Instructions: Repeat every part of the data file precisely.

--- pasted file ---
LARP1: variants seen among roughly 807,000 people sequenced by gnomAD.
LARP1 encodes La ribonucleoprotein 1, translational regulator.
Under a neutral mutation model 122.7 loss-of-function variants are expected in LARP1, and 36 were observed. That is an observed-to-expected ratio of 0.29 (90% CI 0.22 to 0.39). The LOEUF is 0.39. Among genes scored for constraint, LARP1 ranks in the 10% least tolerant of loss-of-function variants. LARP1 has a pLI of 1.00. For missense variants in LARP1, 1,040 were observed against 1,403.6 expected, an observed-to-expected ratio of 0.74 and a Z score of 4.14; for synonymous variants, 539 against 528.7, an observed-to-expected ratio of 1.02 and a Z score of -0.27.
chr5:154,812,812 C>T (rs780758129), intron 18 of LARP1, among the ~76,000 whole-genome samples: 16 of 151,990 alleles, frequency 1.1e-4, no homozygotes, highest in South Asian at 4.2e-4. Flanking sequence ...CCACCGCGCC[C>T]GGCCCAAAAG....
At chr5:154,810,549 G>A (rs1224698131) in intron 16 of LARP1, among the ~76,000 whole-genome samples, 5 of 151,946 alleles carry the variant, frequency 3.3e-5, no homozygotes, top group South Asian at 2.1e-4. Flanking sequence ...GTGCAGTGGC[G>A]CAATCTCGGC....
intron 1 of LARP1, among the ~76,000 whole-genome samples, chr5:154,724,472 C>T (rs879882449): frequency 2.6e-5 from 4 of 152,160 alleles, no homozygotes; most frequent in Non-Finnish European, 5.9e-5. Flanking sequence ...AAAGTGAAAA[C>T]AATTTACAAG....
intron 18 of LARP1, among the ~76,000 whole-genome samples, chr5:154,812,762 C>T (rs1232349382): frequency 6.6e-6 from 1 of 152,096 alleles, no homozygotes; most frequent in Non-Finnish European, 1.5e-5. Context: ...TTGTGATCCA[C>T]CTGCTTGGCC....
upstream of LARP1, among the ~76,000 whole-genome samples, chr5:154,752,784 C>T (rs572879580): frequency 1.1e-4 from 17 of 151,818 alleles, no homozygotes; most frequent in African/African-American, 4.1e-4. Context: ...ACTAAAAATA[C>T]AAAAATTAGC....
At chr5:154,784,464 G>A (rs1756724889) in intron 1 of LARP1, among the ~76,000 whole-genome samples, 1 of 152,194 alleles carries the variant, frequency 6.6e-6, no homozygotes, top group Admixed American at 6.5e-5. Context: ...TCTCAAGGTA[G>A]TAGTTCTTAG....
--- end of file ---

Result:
LARP1: variants seen among roughly 807,000 people sequenced by gnomAD.
LARP1 encodes La ribonucleoprotein 1, translational regulator.
Under a neutral mutation model 122.7 loss-of-function variants are expected in LARP1, and 36 were observed. That is an observed-to-expected ratio of 0.29 (90% CI 0.22 to 0.39). The LOEUF is 0.39. Among genes scored for constraint, LARP1 ranks in the 10% least tolerant of loss-of-function variants. LARP1 has a pLI of 1.00. For missense variants in LARP1, 1,040 were observed against 1,403.6 expected, an observed-to-expected ratio of 0.74 and a Z score of 4.14; for synonymous variants, 539 against 528.7, an observed-to-expected ratio of 1.02 and a Z score of -0.27.
chr5:154,812,812 C>T (rs780758129), intron 18 of LARP1, among the ~76,000 whole-genome samples: 16 of 151,990 alleles, frequency 1.1e-4, no homozygotes, highest in South Asian at 4.2e-4. Flanking sequence ...CCACCGCGCC[C>T]GGCCCAAAAG....
At chr5:154,810,549 G>A (rs1224698131) in intron 16 of LARP1, among the ~76,000 whole-genome samples, 5 of 151,946 alleles carry the variant, frequency 3.3e-5, no homozygotes, top group South Asian at 2.1e-4. Flanking sequence ...GTGCAGTGGC[G>A]CAATCTCGGC....
intron 1 of LARP1, among the ~76,000 whole-genome samples, chr5:154,724,472 C>T (rs879882449): frequency 2.6e-5 from 4 of 152,160 alleles, no homozygotes; most frequent in Non-Finnish European, 5.9e-5. Flanking sequence ...AAAGTGAAAA[C>T]AATTTACAAG....
intron 18 of LARP1, among the ~76,000 whole-genome samples, chr5:154,812,762 C>T (rs1232349382): frequency 6.6e-6 from 1 of 152,096 alleles, no homozygotes; most frequent in Non-Finnish European, 1.5e-5. Context: ...TTGTGATCCA[C>T]CTGCTTGGCC....
upstream of LARP1, among the ~76,000 whole-genome samples, chr5:154,752,784 C>T (rs572879580): frequency 1.1e-4 from 17 of 151,818 alleles, no homozygotes; most frequent in African/African-American, 4.1e-4. Context: ...ACTAAAAATA[C>T]AAAAATTAGC....
At chr5:154,784,464 G>A (rs1756724889) in intron 1 of LARP1, among the ~76,000 whole-genome samples, 1 of 152,194 alleles carries the variant, frequency 6.6e-6, no homozygotes, top group Admixed American at 6.5e-5. Context: ...TCTCAAGGTA[G>A]TAGTTCTTAG....